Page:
Re: Separate PK in Jxn Tbl?

From: Brian Selzer <>
Date: Sun, 27 Jan 2008 02:13:11 -0500
Message-ID: <baWmj.3398$>

<> wrote in message On Jan 27, 12:39 am, "Brian Selzer" <> wrote:
> "James A. Fortune" <> wrote in messagenews:%

> > Access programmers use forms to interact with the data. If I follow
> > Jamie's advice and constrain the data at both the table level and in
> > code,
> > then your points make more sense. Right now, they're just arguments for
> > me not to constrain the data at the table level because the reasons you
> > gave might make natural keys preferable in that situation :-).
> Well, that's just dumb. Checks in code can reduce database round-trips,
> and
> therefore can improve performance, but are not and cannot be a substitute
> for constraints on the tables. It is the constraints on the tables that
> keeps garbage out of the database.


If the users only access the tables through forms, conforming to best practices in Access, how are they going to get garbage into the tables? Now if you're trying to keep Jamie and his Excel SQL out of your database, that's another story :-). <<<<<

There can be several forms that access the same table, so you would have to duplicate the code behind each form that accesses a table, or you can get garbage into the database.

> >> * Referencing an artificial key in a child table can complicates
> >> queries - and not just with a longer restrict clause, but with a whole
> >> extra join that may well have been unrequired if a natural key had
> >> been used.
> > I don't agree with that point. The child table can contain the
> > AutoNumber
> > primary key from the main table as a foreign key if desired. I don't see
> > how using the natural key fields requires less joins than that. Maybe an
> > example would help me understand what you mean.
> An extra join may be needed if the natural key from the parent table is
> used
> in a restrict clause. If all you have is the artificial key from the
> parent
> table, then you have to join in order to access the natural key columns.
> With natural keys, the natural key values from the parent table also
> appear
> in the child table, so there isn't any need to join. Bottom line: joins of
> artificial keys are typically faster than joins of natural keys due to the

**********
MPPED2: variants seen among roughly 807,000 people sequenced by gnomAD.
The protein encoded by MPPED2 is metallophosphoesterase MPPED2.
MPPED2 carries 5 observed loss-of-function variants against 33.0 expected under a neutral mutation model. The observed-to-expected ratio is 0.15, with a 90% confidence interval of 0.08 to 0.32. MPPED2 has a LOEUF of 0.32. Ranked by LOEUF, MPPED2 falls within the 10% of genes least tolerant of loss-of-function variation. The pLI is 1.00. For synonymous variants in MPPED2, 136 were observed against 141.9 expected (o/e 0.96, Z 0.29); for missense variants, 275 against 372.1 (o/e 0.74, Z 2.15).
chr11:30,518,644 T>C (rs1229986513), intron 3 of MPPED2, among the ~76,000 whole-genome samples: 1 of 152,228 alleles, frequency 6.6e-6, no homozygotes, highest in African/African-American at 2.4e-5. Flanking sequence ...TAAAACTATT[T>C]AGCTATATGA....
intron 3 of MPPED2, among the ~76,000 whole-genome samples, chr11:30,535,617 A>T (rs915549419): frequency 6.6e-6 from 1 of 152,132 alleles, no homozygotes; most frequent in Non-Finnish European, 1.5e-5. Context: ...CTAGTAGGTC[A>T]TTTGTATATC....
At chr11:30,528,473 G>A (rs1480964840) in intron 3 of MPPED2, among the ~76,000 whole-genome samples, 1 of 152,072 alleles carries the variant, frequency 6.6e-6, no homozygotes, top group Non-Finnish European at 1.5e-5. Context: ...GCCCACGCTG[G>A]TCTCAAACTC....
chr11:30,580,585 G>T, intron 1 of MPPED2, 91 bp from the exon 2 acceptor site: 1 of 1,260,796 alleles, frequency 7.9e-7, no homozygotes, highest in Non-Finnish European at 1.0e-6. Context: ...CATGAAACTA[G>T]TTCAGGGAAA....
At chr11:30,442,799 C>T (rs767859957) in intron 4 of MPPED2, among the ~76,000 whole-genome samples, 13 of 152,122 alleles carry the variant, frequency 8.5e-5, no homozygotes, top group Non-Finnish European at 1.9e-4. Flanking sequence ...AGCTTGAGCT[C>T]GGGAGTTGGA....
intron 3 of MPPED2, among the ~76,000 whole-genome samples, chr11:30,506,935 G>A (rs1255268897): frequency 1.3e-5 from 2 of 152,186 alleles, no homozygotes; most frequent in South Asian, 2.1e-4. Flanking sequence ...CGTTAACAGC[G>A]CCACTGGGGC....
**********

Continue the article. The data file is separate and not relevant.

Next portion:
> size of the comparands, but with natural keys, fewer joins may be needed..

If you're planning on using a natural key column in the child table as part of a join then doesn't it make sense to include that field in the child table?

Still waiting...

A typical schema with artificial keys:

Customer {CustomerKey, CustomerNo, ...}

    Key {CustomerKey}, Key {CustomerNo}

Item {ItemKey, ItemNo, ...}

    Key {ItemKey}, Key {ItemNo}

CI {CustomerItemKey, CustomerKey, ItemKey, CustomerItemNo}

    Key {CustomerItemKey}, Key {CustomerKey, ItemKey}     CI[ItemKey] IN Item[ItemKey]
    CI[CustomerKey] IN Customer[CustomerKey]

SOLine {SOLineKey, SOKey, SOLineNo, CustomerItemKey, Quantity, Price}

    Key {SOLineKey}, Key {SOKey, SOLineNo}     SOLine[CustomerItemKey] IN CI[CustomerItemKey]

A typical schema with natural keys

Customer {CustomerNo, ...}

    Key {CustomerNo}

Item {ItemNo, ...}

    Key {ItemNo}

CI {CustomerNo, ItemNo, CustomerItemNo}

    KEY {CustomerNo, ItemNo}
    CI[CustomerNo] IN Customer[CustomerNo]     CI[ItemNo] IN Item[ItemNo]

SOLine {SO#, SOLineNo, CustomerNo, ItemNo, Quantity, Price}

   SOLine[CustomerNo, ItemNo] IN CI[CustomerNo, ItemNo]

Now write a query that returns how many of item '12345' were sold to customer '4321'

It should be obvious that with the natural keys, no joins are necessary--it's just a simple select from SOLine since all of the information is actually /in/ SOLine; whereas, with the artifical keys, several joins are required because in order to query by item number and customer number, SOLine must be joined to CI which must then be joined to Customer and Item. Received on Sun Jan 27 2008 - 08:13:11 CET

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